EDITOR'S NOTE: This story was originally printed in the February issue of GCU Magazine.
Photos by Ralph Freso
It’s not uncommon for students to come to Grand Canyon University mainly because they want to join the Club Sports program.
“There’s something that exists in the culture of GCU that is attractive. They say, ‘Hey, I want to spend four years on this campus and continue to play a sport, some of which compete at the highest level in college athletics, and make some great memories with my friends,’” said Ben Canfield, who coaches GCU’s bowling team.
Canfield is charged with another role designed to make that experience even more enjoyable. He has been the Club Sports Development Coordinator since 2018 and recently passed the million-dollar mark in donations for that span.
That’s quite an accomplishment considering he had to weather the pandemic, when Club Sports events were limited and donations naturally lagged. As 2023 dawned, he had raised nearly $600,000 in the last two academic years with four months to go in 2022-23.
What makes Canfield’s role even more important is that several of the more than 30 club programs are student-led, such as Ultimate Frisbee, archery and pickleball.
“My job is to give students access to ways to raise money and manage it effectively so that they can use it to have the best Club Sports experience they can,” he said. “I find the most fulfillment in helping the student-led programs,” which are guided by a leadership course taught by Mark Nelson, Assistant Director of Club Sports.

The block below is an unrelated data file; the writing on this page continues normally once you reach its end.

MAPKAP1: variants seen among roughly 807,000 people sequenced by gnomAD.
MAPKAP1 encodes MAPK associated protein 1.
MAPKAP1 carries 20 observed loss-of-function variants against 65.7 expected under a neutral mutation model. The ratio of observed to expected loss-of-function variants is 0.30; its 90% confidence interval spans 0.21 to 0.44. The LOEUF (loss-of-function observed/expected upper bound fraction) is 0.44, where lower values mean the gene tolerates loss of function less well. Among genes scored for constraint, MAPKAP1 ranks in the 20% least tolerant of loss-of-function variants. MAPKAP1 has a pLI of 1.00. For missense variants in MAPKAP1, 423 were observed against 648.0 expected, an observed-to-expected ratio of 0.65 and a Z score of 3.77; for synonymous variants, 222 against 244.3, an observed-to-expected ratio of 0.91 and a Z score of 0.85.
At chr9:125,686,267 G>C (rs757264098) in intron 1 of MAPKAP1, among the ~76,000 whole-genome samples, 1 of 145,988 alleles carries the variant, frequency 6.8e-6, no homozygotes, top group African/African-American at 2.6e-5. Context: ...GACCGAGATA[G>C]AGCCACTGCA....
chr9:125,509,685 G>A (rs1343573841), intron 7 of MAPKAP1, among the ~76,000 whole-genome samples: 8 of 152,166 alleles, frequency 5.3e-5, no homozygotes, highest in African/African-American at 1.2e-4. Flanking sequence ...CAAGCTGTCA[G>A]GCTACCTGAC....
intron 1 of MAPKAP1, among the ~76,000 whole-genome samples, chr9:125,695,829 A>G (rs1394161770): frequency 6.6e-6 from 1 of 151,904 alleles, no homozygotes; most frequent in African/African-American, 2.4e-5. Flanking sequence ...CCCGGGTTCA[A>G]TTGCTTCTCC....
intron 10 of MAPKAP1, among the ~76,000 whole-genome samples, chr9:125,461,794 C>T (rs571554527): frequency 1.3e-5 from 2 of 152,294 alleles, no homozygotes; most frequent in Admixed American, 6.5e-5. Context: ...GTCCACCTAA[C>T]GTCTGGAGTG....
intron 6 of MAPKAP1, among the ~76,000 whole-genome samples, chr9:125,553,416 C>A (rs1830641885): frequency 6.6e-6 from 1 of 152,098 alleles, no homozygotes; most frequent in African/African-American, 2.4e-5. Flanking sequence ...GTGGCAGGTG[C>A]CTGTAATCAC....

Those funds came in handy for Canfield’s bowling team, which was invited to one of the biggest college tournaments, the Hoosier Classic, last year after sitting on the waiting list since 2018. It wasn’t in the bowling budget, but Canfield was able to quickly accept the invitation thanks to his fundraising.
Travel to high-profile events is a popular use for the funds, but they also can be used for items such as new jerseys, which the athletes keep. It’s part of the reason why GCU’s Club Sports program has established itself in recent years as one of the largest in the country.
After spending a couple of years on the pro bowling tour, Canfield earned his GCU master’s degree in Christian studies with an emphasis in pastoral ministry.
He thought he would pursue a ministry later in life, but his fundraising role has given him a different sort of ministry — supporting Club Sports athletes.
“It’s a big deal, and the University gets behind them,” he said. “But it’s expensive.”
Fortunately, GCU also makes it more accessible ... and rewarding.
GCU News/GCU Magazine: GCU is intentional in its job-focused curriculum
GCU News/GCU Magazine : She escaped the war in Ukraine and found refuge at GCU
GCU News/GCU Magazine : Esports league helps women gamers power up
GCU News/GCU Magazine : First-gen scholar, SIS alum achieves the dream